Evidence of meeting #33 for Finance in the 43rd Parliament, 1st Session. (The original version is on Parliament’s site, as are the minutes.) The winning word was pandemic.

A recording is available from Parliament.

On the agenda

MPs speaking

Also speaking

Steven Grenier  President, Association des camps du Québec
Benoît Fontaine  President, Chicken Farmers of Canada
Joe Belliveau  Executive Director, Doctors Without Borders
Daniel Bernhard  Executive Director, Friends of Canadian Broadcasting
Kevin Neveu  President and Chief Executive Officer, Precision Drilling Corporation
Michael Wood  Partner, Ottawa Special Events
Alan Shepard  President and Vice-Chancellor, Western University
Clerk of the Committee  Mr. David Gagnon
Michael Laliberté  Executive Director, Chicken Farmers of Canada
Jason Nickerson  Humanitarian Affairs Adviser, Doctors Without Borders
Katherine Scott  Senior Researcher, Canadian Centre for Policy Alternatives
Nina Labun  Chief Executive Officer, Donwood Manor Personal Care Home
Megan Walker  Executive Director, London Abused Women's Centre
Vicki Saunders  Founder, SheEO
Melpa Kamateros  Executive Director, Shield of Athena Family Services

6 p.m.

Chief Executive Officer, Donwood Manor Personal Care Home

Nina Labun

Yes, and thank you for asking about that. The Province of Manitoba just announced today the rollout of that financial top-up. I do think that will be very helpful for the direct care staff. Some of the parameters are obviously exclusionary—it's income-tested—but hopefully.... It is something that my staff certainly are waiting for and looking for.

6 p.m.

Liberal

The Chair Liberal Wayne Easter

Thanks, all of you.

We have Mr. Ste-Marie, followed by Ms. Mathyssen.

Go ahead, Gabriel. You're on.

June 2nd, 2020 / 6 p.m.

Bloc

Gabriel Ste-Marie Bloc Joliette, QC

Thank you, Mr. Chair.

First, I want to thank you for your presentations. They're certainly some of the most moving and touching presentations that we've heard since the start of COVID-19. They were also very informative.

My first questions are for Ms. Kamateros.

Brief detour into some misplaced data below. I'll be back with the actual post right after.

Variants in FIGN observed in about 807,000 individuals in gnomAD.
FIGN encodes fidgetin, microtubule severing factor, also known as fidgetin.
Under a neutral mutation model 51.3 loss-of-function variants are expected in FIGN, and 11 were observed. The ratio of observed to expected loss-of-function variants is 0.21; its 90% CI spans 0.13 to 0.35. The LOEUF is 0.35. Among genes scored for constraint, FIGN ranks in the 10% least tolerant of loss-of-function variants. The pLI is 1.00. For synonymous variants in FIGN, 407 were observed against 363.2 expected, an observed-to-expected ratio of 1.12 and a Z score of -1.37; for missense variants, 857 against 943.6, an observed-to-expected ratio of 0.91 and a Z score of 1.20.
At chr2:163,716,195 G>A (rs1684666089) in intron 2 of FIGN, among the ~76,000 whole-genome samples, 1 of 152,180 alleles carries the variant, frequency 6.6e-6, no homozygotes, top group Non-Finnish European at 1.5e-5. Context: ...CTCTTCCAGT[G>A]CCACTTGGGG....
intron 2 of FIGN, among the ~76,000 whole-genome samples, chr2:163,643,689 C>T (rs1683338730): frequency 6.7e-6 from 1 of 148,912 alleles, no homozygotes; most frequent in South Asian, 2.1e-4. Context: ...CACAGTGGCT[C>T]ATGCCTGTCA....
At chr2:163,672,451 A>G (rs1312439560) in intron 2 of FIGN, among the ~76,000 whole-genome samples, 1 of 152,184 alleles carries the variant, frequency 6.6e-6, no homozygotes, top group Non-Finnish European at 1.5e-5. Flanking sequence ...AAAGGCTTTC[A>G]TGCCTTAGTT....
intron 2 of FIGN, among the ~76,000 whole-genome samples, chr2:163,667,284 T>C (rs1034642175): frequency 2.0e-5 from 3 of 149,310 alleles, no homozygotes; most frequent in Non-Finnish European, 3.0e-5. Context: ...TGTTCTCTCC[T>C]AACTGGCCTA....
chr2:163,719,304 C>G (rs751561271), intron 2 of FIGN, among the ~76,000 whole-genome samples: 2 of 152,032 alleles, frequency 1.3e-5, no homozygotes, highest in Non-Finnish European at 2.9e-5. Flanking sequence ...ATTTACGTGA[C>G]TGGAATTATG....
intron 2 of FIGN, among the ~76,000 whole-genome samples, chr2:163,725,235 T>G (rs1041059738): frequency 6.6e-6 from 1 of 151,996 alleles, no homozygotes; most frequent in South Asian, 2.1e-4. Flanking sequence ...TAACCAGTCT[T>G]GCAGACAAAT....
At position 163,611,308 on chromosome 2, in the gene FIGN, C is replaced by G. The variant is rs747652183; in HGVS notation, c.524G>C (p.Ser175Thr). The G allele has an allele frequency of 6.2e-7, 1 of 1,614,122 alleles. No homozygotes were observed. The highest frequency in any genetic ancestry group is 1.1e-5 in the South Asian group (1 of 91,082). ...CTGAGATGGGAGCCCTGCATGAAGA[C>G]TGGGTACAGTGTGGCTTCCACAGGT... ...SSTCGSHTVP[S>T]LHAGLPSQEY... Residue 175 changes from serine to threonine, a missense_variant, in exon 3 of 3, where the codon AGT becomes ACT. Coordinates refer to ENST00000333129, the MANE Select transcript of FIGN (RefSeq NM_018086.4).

Regarding conjugal violence during COVID-19, can you elaborate on what you're seeing on the ground? Are you seeing more reports, or are you concerned that there may be more unreported conjugal violence?

6 p.m.

Executive Director, Shield of Athena Family Services

Melpa Kamateros

According to Canadian statistics, only 30% of the cases of conjugal violence are declared. The underlying majority of 70% of the cases never are, and this is for many reasons: the shame, the secrecy, the silence and the fear that still surrounds this topic, even today in the 21st century.

With women who cannot speak the language.... I always revert to this, because for this clientele, they are called doubly vulnerable clientele. You see, if I speak English and you speak French, and somebody else speaks Swahili, Kirundi or another language, then there's no equality of access. There's no choice of action.

Here in Canada, unfortunately, in the 21st century, there are women victims of conjugal violence who still do not have that equality, that choice of action that either I or somebody else might have because we speak English or French. This is what I've seen in the field.

We presume also that because we have such wonderful services in Quebec and in Canada—we've presented many times internationally on the services we have here at home—it means immediate access. It doesn't. There is a large sector of the population that does not know and cannot access. There is this inequality. This is what I've seen in the field.

6:05 p.m.

Bloc

Gabriel Ste-Marie Bloc Joliette, QC

Thank you.

You spoke of the lack of housing for abused women and the lack of shelters and safe houses. You also spoke of the significance of the social housing agreement. In recent years, a significant amount of money has been announced. However, unfortunately, the agreement between Ottawa and Quebec still hasn't been signed. We hope that this will happen soon and that some money will be freed up.

You said that there was a housing shortage before the COVID-19 pandemic and that, since the current crisis, the situation is even worse. How are the instructions for physical distancing during the pandemic affecting the housing situation?

My colleague Andréanne Larouche, the member for Shefford, suggested that, since hotels are currently underused, the government could act as a facilitator to ensure that hotel rooms serve as emergency shelters for women and their families who are being abused. What do you think about this?

6:05 p.m.

Executive Director, Shield of Athena Family Services